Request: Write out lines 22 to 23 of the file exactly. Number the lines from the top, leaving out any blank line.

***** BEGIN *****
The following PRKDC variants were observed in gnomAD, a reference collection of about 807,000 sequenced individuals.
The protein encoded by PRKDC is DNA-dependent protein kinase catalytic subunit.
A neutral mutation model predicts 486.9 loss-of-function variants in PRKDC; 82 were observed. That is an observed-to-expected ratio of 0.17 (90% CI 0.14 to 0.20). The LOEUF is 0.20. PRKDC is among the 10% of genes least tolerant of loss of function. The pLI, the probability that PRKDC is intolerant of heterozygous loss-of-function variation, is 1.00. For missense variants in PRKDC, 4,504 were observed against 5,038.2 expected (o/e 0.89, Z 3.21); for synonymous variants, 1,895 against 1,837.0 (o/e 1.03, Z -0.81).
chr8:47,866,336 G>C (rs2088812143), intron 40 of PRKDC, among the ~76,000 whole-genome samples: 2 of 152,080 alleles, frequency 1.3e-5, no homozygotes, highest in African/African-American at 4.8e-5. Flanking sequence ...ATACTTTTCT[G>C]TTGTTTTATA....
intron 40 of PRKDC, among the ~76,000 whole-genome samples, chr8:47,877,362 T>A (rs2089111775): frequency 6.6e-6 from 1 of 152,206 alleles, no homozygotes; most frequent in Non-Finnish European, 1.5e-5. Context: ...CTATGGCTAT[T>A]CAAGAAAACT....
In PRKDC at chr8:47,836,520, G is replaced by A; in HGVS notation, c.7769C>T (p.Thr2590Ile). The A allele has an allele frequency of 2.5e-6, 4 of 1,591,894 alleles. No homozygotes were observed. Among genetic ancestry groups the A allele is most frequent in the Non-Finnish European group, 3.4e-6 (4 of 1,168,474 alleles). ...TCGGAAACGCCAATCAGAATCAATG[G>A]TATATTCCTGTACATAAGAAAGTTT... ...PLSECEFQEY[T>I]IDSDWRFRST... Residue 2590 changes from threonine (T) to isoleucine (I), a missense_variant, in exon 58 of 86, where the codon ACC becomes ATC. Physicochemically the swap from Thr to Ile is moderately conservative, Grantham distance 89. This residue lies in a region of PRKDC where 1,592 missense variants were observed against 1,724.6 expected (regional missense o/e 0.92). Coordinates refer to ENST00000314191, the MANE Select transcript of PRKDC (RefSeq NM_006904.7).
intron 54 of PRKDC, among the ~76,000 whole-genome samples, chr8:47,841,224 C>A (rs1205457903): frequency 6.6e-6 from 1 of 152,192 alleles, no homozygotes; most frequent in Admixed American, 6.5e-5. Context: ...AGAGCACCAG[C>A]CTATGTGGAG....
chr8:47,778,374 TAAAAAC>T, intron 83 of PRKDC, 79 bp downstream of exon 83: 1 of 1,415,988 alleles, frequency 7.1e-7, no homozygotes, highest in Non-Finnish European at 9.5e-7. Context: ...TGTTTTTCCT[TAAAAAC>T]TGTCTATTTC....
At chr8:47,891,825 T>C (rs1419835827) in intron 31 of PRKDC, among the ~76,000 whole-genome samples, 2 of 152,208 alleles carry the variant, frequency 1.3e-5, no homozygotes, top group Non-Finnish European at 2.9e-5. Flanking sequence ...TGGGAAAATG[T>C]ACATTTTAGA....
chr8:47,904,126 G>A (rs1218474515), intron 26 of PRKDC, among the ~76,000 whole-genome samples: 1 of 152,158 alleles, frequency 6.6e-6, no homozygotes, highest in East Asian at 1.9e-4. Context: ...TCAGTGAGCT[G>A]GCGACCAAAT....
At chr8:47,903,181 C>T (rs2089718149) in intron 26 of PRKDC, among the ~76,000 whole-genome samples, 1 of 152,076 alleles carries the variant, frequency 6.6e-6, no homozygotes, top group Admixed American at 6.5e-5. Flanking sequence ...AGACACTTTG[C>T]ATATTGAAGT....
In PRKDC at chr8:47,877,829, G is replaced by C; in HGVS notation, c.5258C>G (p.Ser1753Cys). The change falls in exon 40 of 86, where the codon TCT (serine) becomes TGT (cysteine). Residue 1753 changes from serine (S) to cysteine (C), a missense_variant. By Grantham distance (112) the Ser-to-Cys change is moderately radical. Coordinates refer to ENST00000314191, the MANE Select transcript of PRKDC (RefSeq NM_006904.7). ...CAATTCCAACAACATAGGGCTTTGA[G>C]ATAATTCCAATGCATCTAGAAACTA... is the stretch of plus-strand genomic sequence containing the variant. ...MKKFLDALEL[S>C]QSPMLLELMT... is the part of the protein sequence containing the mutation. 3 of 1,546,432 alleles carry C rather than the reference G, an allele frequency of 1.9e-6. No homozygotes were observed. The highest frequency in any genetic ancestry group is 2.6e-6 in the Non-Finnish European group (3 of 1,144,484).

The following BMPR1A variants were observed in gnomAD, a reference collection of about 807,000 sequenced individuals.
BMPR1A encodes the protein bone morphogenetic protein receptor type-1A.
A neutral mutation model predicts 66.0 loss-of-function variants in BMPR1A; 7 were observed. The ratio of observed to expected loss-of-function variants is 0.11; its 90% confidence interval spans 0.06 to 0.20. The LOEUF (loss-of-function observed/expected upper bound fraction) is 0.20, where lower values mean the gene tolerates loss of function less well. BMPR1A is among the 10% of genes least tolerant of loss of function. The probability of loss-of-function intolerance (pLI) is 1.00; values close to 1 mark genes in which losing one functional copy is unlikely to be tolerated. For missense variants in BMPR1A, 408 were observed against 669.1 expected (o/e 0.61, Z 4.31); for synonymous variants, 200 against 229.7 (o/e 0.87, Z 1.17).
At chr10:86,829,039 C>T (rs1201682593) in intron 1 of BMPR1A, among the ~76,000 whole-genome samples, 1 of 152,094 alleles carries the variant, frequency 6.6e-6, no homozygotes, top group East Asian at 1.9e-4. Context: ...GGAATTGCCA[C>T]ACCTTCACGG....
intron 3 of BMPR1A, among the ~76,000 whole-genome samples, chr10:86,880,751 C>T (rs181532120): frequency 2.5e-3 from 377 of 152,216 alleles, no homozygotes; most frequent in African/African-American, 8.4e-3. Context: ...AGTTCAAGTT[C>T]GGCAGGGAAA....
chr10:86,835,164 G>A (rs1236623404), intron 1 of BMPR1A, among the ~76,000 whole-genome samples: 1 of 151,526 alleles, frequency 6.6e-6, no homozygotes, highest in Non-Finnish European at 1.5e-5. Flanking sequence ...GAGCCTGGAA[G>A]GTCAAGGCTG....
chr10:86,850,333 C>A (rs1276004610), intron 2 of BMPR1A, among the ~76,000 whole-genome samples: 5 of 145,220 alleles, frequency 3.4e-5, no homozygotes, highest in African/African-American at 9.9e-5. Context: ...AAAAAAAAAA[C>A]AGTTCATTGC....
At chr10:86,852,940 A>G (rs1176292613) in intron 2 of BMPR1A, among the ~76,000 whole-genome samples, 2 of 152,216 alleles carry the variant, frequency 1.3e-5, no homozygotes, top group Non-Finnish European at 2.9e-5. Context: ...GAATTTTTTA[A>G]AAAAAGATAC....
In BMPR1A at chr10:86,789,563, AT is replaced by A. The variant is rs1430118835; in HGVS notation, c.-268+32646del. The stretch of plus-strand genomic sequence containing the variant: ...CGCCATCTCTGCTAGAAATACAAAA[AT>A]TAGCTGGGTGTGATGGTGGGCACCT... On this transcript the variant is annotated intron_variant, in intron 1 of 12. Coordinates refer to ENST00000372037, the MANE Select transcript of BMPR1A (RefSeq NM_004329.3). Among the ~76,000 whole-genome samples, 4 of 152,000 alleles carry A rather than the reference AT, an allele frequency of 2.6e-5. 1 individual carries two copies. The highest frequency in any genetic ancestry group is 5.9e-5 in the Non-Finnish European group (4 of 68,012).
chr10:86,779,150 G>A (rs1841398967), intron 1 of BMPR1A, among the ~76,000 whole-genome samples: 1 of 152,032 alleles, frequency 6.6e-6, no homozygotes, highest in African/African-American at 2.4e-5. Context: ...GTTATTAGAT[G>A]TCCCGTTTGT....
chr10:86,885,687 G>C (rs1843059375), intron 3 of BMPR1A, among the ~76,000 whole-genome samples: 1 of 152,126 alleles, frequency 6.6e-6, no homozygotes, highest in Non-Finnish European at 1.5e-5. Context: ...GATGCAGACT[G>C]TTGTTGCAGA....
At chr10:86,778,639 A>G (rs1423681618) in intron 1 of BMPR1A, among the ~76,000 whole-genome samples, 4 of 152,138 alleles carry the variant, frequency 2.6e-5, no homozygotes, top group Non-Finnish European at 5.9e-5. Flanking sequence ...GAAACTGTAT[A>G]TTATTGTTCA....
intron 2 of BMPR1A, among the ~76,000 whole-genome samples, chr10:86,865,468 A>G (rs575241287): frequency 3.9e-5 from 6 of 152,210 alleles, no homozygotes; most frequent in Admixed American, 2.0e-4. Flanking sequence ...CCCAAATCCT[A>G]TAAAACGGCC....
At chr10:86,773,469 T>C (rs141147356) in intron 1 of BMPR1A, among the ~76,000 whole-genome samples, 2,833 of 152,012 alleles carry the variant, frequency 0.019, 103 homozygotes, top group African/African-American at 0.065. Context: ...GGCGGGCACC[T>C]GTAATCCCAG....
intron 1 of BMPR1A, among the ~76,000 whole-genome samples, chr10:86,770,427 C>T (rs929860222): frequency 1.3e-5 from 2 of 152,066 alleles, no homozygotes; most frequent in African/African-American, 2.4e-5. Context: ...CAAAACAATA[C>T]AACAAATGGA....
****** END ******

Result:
chr10:86,779,150 G>A (rs1841398967), intron 1 of BMPR1A, among the ~76,000 whole-genome samples: 1 of 152,032 alleles, frequency 6.6e-6, no homozygotes, highest in African/African-American at 2.4e-5. Context: ...GTTATTAGAT[G>A]TCCCGTTTGT....
chr10:86,885,687 G>C (rs1843059375), intron 3 of BMPR1A, among the ~76,000 whole-genome samples: 1 of 152,126 alleles, frequency 6.6e-6, no homozygotes, highest in Non-Finnish European at 1.5e-5. Context: ...GATGCAGACT[G>C]TTGTTGCAGA....